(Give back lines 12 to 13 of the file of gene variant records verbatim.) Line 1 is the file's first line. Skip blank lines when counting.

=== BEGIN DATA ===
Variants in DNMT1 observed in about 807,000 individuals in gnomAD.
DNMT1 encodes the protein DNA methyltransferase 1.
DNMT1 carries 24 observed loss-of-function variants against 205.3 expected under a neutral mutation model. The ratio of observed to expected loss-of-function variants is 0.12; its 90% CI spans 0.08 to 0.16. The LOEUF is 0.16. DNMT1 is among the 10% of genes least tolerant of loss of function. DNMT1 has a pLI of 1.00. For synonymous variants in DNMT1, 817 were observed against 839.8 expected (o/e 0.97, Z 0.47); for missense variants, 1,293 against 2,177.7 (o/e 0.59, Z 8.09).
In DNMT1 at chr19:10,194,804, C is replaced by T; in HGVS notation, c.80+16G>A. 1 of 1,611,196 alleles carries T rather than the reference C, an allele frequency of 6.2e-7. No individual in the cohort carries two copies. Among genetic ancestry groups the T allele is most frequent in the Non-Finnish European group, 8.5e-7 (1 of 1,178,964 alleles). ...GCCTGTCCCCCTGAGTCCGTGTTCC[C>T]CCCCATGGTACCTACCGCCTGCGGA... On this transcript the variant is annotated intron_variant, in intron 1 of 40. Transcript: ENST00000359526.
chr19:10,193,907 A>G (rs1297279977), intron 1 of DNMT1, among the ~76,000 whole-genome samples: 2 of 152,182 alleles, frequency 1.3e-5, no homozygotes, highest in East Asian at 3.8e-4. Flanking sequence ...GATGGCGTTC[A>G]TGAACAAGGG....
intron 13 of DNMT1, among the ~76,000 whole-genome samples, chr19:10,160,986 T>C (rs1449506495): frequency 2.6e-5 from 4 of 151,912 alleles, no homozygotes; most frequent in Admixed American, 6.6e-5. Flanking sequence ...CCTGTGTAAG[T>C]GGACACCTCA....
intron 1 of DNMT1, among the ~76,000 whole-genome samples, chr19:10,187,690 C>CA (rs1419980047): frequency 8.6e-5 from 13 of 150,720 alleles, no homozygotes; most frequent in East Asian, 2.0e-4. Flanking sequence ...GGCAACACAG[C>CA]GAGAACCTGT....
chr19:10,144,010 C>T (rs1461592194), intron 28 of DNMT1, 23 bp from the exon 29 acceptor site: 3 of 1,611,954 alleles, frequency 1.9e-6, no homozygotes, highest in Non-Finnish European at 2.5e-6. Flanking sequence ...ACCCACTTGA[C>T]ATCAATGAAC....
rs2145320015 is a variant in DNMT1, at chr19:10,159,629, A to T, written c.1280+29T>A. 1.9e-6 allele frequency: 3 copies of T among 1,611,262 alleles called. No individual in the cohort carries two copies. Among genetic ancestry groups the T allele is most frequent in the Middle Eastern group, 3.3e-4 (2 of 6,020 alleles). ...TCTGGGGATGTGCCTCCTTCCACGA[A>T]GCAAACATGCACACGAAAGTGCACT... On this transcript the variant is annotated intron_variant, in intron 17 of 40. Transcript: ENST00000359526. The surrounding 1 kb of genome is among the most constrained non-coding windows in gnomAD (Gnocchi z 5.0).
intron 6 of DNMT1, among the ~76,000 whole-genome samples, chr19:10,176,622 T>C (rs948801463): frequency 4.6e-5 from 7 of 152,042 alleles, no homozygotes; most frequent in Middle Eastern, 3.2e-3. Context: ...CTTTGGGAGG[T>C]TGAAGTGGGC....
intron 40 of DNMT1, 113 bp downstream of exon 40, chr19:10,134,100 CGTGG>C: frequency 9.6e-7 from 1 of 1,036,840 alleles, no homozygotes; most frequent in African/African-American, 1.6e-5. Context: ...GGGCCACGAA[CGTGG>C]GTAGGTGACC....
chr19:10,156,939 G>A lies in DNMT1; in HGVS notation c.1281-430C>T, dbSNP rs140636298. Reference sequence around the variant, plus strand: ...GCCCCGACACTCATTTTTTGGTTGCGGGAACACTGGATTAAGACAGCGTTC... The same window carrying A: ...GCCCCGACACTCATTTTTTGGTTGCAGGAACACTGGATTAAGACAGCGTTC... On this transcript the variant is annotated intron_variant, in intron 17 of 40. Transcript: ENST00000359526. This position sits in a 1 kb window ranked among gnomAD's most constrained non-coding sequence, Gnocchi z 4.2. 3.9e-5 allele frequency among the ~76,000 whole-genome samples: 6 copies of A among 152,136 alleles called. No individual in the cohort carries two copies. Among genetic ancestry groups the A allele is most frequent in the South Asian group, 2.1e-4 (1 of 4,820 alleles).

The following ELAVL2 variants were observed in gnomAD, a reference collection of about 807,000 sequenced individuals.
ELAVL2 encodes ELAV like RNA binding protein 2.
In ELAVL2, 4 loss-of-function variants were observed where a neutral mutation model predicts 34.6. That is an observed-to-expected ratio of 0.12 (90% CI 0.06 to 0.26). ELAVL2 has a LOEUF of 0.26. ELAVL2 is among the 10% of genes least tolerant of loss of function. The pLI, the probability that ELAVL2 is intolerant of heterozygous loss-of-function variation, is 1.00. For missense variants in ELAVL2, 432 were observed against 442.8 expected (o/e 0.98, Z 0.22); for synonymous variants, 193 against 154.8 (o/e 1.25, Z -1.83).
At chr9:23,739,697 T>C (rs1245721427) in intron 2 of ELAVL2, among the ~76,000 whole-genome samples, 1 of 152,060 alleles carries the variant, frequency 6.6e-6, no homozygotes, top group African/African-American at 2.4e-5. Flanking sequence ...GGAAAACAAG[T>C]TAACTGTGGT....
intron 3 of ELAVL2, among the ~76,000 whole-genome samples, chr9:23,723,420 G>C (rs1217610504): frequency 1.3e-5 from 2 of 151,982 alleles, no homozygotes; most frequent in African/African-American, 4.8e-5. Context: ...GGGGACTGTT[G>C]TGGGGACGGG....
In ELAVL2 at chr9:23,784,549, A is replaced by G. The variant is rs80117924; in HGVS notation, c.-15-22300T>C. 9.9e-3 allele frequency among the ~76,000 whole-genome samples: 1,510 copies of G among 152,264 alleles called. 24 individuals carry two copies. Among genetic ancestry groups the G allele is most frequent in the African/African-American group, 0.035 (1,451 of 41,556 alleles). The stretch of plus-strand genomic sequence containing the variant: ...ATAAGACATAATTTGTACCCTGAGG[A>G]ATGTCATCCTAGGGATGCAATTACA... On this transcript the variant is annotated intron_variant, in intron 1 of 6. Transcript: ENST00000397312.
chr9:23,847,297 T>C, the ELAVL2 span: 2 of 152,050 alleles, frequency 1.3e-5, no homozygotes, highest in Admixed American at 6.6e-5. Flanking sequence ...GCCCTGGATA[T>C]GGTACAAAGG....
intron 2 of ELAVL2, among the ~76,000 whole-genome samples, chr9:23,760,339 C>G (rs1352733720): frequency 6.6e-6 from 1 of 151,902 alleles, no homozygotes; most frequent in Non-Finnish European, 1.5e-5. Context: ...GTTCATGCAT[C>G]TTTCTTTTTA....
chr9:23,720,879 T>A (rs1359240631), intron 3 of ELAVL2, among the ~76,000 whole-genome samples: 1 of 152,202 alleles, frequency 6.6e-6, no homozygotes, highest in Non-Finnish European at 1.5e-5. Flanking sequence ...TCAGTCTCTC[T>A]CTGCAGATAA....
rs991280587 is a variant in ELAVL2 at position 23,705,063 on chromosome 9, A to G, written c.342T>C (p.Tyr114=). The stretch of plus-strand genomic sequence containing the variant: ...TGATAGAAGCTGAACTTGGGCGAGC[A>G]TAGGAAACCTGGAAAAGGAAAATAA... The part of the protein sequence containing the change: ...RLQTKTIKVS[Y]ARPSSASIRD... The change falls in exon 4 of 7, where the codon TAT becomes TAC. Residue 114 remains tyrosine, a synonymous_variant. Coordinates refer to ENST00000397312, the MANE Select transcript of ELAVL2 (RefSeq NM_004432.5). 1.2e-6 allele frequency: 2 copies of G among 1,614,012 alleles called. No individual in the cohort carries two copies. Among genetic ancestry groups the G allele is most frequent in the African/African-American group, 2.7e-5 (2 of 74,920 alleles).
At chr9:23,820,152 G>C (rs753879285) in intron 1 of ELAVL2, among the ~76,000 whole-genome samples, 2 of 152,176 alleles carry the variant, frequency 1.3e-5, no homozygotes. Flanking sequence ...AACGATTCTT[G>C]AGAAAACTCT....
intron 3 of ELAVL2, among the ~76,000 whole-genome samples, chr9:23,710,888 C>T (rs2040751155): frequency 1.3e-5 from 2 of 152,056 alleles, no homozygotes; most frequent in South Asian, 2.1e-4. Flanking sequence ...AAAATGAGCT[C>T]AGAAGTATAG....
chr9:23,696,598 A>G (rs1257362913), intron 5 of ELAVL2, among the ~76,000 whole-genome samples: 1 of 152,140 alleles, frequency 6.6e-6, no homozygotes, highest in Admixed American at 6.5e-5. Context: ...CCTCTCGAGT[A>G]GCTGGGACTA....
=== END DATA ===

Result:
chr19:10,156,939 G>A lies in DNMT1; in HGVS notation c.1281-430C>T, dbSNP rs140636298. Reference sequence around the variant, plus strand: ...GCCCCGACACTCATTTTTTGGTTGCGGGAACACTGGATTAAGACAGCGTTC... The same window carrying A: ...GCCCCGACACTCATTTTTTGGTTGCAGGAACACTGGATTAAGACAGCGTTC... On this transcript the variant is annotated intron_variant, in intron 17 of 40. Transcript: ENST00000359526. This position sits in a 1 kb window ranked among gnomAD's most constrained non-coding sequence, Gnocchi z 4.2. 3.9e-5 allele frequency among the ~76,000 whole-genome samples: 6 copies of A among 152,136 alleles called. No individual in the cohort carries two copies. Among genetic ancestry groups the A allele is most frequent in the South Asian group, 2.1e-4 (1 of 4,820 alleles).

The following ELAVL2 variants were observed in gnomAD, a reference collection of about 807,000 sequenced individuals.